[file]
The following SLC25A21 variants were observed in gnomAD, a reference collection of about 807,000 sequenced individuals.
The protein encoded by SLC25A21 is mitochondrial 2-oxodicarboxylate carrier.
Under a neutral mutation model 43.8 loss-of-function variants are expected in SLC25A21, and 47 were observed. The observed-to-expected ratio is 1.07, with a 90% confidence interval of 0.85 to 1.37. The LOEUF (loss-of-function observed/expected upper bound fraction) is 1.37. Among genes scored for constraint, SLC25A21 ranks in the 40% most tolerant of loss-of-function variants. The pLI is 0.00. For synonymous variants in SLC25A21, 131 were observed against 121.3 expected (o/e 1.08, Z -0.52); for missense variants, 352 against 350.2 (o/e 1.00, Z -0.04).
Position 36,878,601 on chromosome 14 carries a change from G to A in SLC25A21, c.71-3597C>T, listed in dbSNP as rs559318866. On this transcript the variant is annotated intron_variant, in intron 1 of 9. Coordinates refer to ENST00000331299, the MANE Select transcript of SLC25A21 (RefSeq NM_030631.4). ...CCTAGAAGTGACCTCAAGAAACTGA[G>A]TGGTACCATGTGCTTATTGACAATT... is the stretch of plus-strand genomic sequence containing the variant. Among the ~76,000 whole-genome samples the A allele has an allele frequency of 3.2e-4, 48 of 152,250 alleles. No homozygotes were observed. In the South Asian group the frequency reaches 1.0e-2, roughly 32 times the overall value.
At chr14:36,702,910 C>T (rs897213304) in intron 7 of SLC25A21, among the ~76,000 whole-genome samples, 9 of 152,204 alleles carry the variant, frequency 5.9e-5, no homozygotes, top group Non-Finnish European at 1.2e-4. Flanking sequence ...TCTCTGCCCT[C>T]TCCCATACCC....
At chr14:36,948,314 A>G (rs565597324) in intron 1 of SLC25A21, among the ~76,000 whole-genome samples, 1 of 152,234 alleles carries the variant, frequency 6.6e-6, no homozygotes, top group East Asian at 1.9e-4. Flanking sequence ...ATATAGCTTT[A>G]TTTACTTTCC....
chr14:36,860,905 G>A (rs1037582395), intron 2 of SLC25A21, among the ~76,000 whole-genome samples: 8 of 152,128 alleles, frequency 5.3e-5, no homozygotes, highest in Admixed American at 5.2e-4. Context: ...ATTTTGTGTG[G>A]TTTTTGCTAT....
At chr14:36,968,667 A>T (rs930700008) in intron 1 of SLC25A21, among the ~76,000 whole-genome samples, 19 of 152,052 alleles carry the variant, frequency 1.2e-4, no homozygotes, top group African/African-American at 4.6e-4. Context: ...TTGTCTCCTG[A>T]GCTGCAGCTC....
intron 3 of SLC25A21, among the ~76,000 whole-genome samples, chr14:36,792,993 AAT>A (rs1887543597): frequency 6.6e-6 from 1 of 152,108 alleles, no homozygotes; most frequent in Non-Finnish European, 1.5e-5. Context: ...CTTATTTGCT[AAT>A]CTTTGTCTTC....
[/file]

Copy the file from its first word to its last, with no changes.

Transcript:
The following SLC25A21 variants were observed in gnomAD, a reference collection of about 807,000 sequenced individuals.
The protein encoded by SLC25A21 is mitochondrial 2-oxodicarboxylate carrier.
Under a neutral mutation model 43.8 loss-of-function variants are expected in SLC25A21, and 47 were observed. The observed-to-expected ratio is 1.07, with a 90% confidence interval of 0.85 to 1.37. The LOEUF (loss-of-function observed/expected upper bound fraction) is 1.37. Among genes scored for constraint, SLC25A21 ranks in the 40% most tolerant of loss-of-function variants. The pLI is 0.00. For synonymous variants in SLC25A21, 131 were observed against 121.3 expected (o/e 1.08, Z -0.52); for missense variants, 352 against 350.2 (o/e 1.00, Z -0.04).
Position 36,878,601 on chromosome 14 carries a change from G to A in SLC25A21, c.71-3597C>T, listed in dbSNP as rs559318866. On this transcript the variant is annotated intron_variant, in intron 1 of 9. Coordinates refer to ENST00000331299, the MANE Select transcript of SLC25A21 (RefSeq NM_030631.4). ...CCTAGAAGTGACCTCAAGAAACTGA[G>A]TGGTACCATGTGCTTATTGACAATT... is the stretch of plus-strand genomic sequence containing the variant. Among the ~76,000 whole-genome samples the A allele has an allele frequency of 3.2e-4, 48 of 152,250 alleles. No homozygotes were observed. In the South Asian group the frequency reaches 1.0e-2, roughly 32 times the overall value.
At chr14:36,702,910 C>T (rs897213304) in intron 7 of SLC25A21, among the ~76,000 whole-genome samples, 9 of 152,204 alleles carry the variant, frequency 5.9e-5, no homozygotes, top group Non-Finnish European at 1.2e-4. Flanking sequence ...TCTCTGCCCT[C>T]TCCCATACCC....
At chr14:36,948,314 A>G (rs565597324) in intron 1 of SLC25A21, among the ~76,000 whole-genome samples, 1 of 152,234 alleles carries the variant, frequency 6.6e-6, no homozygotes, top group East Asian at 1.9e-4. Flanking sequence ...ATATAGCTTT[A>G]TTTACTTTCC....
chr14:36,860,905 G>A (rs1037582395), intron 2 of SLC25A21, among the ~76,000 whole-genome samples: 8 of 152,128 alleles, frequency 5.3e-5, no homozygotes, highest in Admixed American at 5.2e-4. Context: ...ATTTTGTGTG[G>A]TTTTTGCTAT....
At chr14:36,968,667 A>T (rs930700008) in intron 1 of SLC25A21, among the ~76,000 whole-genome samples, 19 of 152,052 alleles carry the variant, frequency 1.2e-4, no homozygotes, top group African/African-American at 4.6e-4. Context: ...TTGTCTCCTG[A>T]GCTGCAGCTC....
intron 3 of SLC25A21, among the ~76,000 whole-genome samples, chr14:36,792,993 AAT>A (rs1887543597): frequency 6.6e-6 from 1 of 152,108 alleles, no homozygotes; most frequent in Non-Finnish European, 1.5e-5. Context: ...CTTATTTGCT[AAT>A]CTTTGTCTTC....